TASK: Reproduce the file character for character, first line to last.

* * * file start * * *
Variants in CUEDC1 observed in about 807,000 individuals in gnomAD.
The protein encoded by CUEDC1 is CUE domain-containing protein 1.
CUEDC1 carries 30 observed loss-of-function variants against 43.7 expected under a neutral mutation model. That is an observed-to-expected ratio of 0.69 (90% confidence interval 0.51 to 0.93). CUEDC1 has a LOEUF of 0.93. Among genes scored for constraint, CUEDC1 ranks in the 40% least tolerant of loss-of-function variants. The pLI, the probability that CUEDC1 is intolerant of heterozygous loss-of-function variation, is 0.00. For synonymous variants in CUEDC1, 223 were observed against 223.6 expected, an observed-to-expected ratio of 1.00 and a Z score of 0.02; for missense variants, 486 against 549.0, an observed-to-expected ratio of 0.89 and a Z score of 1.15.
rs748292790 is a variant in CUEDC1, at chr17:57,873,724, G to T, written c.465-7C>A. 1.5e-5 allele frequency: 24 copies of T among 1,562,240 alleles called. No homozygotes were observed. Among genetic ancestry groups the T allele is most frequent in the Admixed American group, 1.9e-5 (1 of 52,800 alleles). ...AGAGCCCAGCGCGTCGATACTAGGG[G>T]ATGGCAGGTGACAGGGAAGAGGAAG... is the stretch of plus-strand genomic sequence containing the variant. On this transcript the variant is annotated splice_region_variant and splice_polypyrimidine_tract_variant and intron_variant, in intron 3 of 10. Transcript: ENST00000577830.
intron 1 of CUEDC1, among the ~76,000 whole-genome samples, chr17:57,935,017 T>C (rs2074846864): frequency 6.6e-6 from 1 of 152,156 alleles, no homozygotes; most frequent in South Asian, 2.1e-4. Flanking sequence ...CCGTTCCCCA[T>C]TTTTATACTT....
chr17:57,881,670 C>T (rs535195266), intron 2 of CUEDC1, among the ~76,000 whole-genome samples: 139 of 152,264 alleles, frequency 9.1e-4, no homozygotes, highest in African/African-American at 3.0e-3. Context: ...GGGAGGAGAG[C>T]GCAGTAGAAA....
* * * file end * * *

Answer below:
Variants in CUEDC1 observed in about 807,000 individuals in gnomAD.
The protein encoded by CUEDC1 is CUE domain-containing protein 1.
CUEDC1 carries 30 observed loss-of-function variants against 43.7 expected under a neutral mutation model. That is an observed-to-expected ratio of 0.69 (90% confidence interval 0.51 to 0.93). CUEDC1 has a LOEUF of 0.93. Among genes scored for constraint, CUEDC1 ranks in the 40% least tolerant of loss-of-function variants. The pLI, the probability that CUEDC1 is intolerant of heterozygous loss-of-function variation, is 0.00. For synonymous variants in CUEDC1, 223 were observed against 223.6 expected, an observed-to-expected ratio of 1.00 and a Z score of 0.02; for missense variants, 486 against 549.0, an observed-to-expected ratio of 0.89 and a Z score of 1.15.
rs748292790 is a variant in CUEDC1, at chr17:57,873,724, G to T, written c.465-7C>A. 1.5e-5 allele frequency: 24 copies of T among 1,562,240 alleles called. No homozygotes were observed. Among genetic ancestry groups the T allele is most frequent in the Admixed American group, 1.9e-5 (1 of 52,800 alleles). ...AGAGCCCAGCGCGTCGATACTAGGG[G>T]ATGGCAGGTGACAGGGAAGAGGAAG... is the stretch of plus-strand genomic sequence containing the variant. On this transcript the variant is annotated splice_region_variant and splice_polypyrimidine_tract_variant and intron_variant, in intron 3 of 10. Transcript: ENST00000577830.
intron 1 of CUEDC1, among the ~76,000 whole-genome samples, chr17:57,935,017 T>C (rs2074846864): frequency 6.6e-6 from 1 of 152,156 alleles, no homozygotes; most frequent in South Asian, 2.1e-4. Flanking sequence ...CCGTTCCCCA[T>C]TTTTATACTT....
chr17:57,881,670 C>T (rs535195266), intron 2 of CUEDC1, among the ~76,000 whole-genome samples: 139 of 152,264 alleles, frequency 9.1e-4, no homozygotes, highest in African/African-American at 3.0e-3. Context: ...GGGAGGAGAG[C>T]GCAGTAGAAA....